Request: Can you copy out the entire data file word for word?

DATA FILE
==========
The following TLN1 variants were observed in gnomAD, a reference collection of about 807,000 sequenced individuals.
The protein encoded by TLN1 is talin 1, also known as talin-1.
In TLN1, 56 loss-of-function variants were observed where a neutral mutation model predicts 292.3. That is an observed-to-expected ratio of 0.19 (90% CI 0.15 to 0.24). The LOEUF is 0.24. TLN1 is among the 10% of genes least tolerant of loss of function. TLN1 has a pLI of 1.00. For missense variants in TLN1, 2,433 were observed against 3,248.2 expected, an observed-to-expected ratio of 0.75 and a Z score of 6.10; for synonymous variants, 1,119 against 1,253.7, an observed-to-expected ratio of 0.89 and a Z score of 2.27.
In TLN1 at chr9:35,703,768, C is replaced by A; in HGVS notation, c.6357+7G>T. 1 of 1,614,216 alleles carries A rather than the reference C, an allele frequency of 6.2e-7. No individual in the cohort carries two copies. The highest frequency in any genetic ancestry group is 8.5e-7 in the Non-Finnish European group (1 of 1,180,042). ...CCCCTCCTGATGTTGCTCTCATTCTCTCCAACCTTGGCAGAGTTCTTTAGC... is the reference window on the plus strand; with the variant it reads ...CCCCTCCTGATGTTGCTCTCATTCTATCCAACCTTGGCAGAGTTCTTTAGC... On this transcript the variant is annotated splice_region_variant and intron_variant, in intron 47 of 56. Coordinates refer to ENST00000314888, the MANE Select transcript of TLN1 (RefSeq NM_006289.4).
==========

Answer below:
The following TLN1 variants were observed in gnomAD, a reference collection of about 807,000 sequenced individuals.
The protein encoded by TLN1 is talin 1, also known as talin-1.
In TLN1, 56 loss-of-function variants were observed where a neutral mutation model predicts 292.3. That is an observed-to-expected ratio of 0.19 (90% CI 0.15 to 0.24). The LOEUF is 0.24. TLN1 is among the 10% of genes least tolerant of loss of function. TLN1 has a pLI of 1.00. For missense variants in TLN1, 2,433 were observed against 3,248.2 expected, an observed-to-expected ratio of 0.75 and a Z score of 6.10; for synonymous variants, 1,119 against 1,253.7, an observed-to-expected ratio of 0.89 and a Z score of 2.27.
In TLN1 at chr9:35,703,768, C is replaced by A; in HGVS notation, c.6357+7G>T. 1 of 1,614,216 alleles carries A rather than the reference C, an allele frequency of 6.2e-7. No individual in the cohort carries two copies. The highest frequency in any genetic ancestry group is 8.5e-7 in the Non-Finnish European group (1 of 1,180,042). ...CCCCTCCTGATGTTGCTCTCATTCTCTCCAACCTTGGCAGAGTTCTTTAGC... is the reference window on the plus strand; with the variant it reads ...CCCCTCCTGATGTTGCTCTCATTCTATCCAACCTTGGCAGAGTTCTTTAGC... On this transcript the variant is annotated splice_region_variant and intron_variant, in intron 47 of 56. Coordinates refer to ENST00000314888, the MANE Select transcript of TLN1 (RefSeq NM_006289.4).